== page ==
Orthodox Calendar

Dec. 9, 2022
Friday of the 26th week after Pentecost

Nativity Fast


  • Ven. Alypius the Stylite
  • Our Holy Father Innocent, Bishop of Irkutsk (1731)
  • St Nikon Metanoite ("Repent!") (ca. 1000)
  • Holy New Martyr George of Chios (1897)

Scripture Readings (KJV)

1 Timothy 4.4-8, 16 (Epistle)

4For every creature of God is good, and nothing to be refused, if it be received with thanksgiving: 5For it is sanctified by the word of God and prayer. 6If thou put the brethren in remembrance of these things, thou shalt be a good minister of Jesus Christ, nourished up in the words of faith and of good doctrine, whereunto thou hast attained. 7But refuse profane and old wives’ fables, and exercise thyself rather unto godliness. 8For bodily exercise profiteth little: but godliness is profitable unto all things, having promise of the life that now is, and of that which is to come. 16Take heed unto thyself, and unto the doctrine; continue in them: for in doing this thou shalt both save thyself, and them that hear thee.

Luke 19.12-28 (Gospel)

12He said therefore, A certain nobleman went into a far country to receive for himself a kingdom, and to return. 13And he called his ten servants, and delivered them ten pounds, and said unto them, Occupy till I come. 14But his citizens hated him, and sent a message after him, saying, We will not have this man to reign over us. 15And it came to pass, that when he was returned, having received the kingdom, then he commanded these servants to be called unto him, to whom he had given the money, that he might know how much every man had gained by trading. 16Then came the first, saying, Lord, thy pound hath gained ten pounds. 17And he said unto him, Well, thou good servant: because thou hast been faithful in a very little, have thou authority over ten cities. 18And the second came, saying, Lord, thy pound hath gained five pounds. 19And he said likewise to him, Be thou also over five cities. 20And another came, saying, Lord, behold, here is thy pound, which I have kept laid up in a napkin: 21For I feared thee, because thou art an austere man: thou takest up that thou layedst not down, and reapest that thou didst not sow. 22And he saith unto him, Out of thine own mouth will I judge thee, thou wicked servant. Thou knewest that I was an austere man, taking up that I laid not down, and reaping that I did not sow: 23Wherefore then gavest not thou my money into the bank, that at my coming I might have required mine own with usury? 24And he said unto them that stood by, Take from him the pound, and give it to him that hath ten pounds. 25(And they said unto him, Lord, he hath ten pounds.) 26For I say unto you, That unto every one which hath shall be given; and from him that hath not, even that he hath shall be taken away from him. 27But those mine enemies, which would not that I should reign over them, bring hither, and slay them before me.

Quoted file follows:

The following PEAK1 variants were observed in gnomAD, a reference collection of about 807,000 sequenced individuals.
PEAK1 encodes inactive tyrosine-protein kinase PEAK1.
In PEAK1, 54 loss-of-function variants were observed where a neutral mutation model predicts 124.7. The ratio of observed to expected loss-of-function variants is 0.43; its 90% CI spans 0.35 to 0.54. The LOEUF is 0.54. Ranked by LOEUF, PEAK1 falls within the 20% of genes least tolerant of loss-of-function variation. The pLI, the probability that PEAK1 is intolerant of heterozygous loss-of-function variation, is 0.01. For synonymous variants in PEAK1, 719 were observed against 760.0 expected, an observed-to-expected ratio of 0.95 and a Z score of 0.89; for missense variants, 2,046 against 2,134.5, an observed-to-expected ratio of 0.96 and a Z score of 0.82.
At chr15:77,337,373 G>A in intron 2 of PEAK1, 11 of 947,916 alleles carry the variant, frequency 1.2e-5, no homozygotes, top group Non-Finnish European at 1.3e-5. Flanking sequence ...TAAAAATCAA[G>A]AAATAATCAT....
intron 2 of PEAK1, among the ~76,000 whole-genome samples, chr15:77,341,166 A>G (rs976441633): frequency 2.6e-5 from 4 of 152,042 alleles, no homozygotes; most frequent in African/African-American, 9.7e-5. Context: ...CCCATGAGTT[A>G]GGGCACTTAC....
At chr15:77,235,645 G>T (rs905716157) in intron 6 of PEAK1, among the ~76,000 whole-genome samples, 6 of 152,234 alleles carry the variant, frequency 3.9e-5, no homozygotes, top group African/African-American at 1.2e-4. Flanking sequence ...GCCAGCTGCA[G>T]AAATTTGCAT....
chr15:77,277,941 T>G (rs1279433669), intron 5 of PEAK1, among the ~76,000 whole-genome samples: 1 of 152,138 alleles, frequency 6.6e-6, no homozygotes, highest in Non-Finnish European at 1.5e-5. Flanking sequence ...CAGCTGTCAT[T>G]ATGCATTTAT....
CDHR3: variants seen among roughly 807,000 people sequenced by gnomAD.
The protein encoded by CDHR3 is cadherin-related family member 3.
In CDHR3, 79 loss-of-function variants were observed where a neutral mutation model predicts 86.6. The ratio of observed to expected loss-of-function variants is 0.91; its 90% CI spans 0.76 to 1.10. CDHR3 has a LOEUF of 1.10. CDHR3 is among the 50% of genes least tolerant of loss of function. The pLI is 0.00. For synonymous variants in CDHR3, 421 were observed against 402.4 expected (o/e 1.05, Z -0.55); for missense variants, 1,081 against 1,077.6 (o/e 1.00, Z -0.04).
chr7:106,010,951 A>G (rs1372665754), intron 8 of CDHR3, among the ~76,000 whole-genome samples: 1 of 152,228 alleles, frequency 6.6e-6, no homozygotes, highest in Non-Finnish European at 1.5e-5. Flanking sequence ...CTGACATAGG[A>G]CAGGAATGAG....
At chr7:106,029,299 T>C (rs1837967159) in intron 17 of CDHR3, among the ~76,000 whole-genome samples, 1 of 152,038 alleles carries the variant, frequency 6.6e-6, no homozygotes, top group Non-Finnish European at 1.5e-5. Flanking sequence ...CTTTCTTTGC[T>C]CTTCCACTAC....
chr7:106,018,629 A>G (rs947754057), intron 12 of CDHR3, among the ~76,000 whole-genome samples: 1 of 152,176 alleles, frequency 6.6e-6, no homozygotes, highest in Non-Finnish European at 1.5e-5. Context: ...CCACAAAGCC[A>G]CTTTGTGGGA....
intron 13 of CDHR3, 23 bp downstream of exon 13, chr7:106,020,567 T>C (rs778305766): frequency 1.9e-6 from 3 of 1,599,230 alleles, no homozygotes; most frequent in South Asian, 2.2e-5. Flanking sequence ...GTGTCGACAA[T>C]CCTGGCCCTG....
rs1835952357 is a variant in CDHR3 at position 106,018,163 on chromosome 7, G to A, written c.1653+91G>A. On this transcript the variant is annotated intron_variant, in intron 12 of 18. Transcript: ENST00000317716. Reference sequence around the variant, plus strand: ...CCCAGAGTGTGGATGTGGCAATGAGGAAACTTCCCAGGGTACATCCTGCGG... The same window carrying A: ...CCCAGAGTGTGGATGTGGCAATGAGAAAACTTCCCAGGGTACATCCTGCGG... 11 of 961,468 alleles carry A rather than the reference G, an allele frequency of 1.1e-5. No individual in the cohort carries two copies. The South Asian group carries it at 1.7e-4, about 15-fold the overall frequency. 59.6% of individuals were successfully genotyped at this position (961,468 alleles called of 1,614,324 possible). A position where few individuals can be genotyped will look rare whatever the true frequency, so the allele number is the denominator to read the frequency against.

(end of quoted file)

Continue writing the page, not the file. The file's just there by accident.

28And when he had thus spoken, he went before, ascending up to Jerusalem.

Commemorations (abbamoses.com)

Our Holy Father Innocent, Bishop of Irkutsk (1731)

He was descended from a noble family near Chernigov. He became a monk at the Lavra of the Kiev Caves in 1706 and in 1721 was consecrated bishop. He was sent as a missionary to China but, due to political complications, could not gain entry into the country and settled temporarily near Lake Baikal in Siberia. He and his companions soon ran out of money and were forced to live for a time on alms and by day- labor. Rather than become discouraged, Saint Innocent made use of this time to learn the native language and found a school for the local Mongol people, many of whom he brought to the faith. In 1722 he was appointed Bishop of Irkutsk, a diocese that covered all the huge area of eastern Siberia. At the time of his appointment there were only about thirty churches in the whole diocese. For ten years the bishop devoted himself to converting the Mongol peoples, preaching to them and catechizing them in their own language. At the same time he worked for moral reform among the Russian Orthodox people of the region. As bishop, he lived in the Monastery of the Ascension in Irkutsk, where he established a firm ascetical life, in which he himself took a full part. He spent every night in prayer, meditation on the writings of the Fathers, and preparing sermons in both Russian and the local languages. Under the strain of the cruel Siberian climate the Saint fell ill and reposed in 1731. Many miracles take place to this day at his tomb. Among the people of Siberia he is honored as highly as Saint Nicholas and counted as the Enlightener of their land.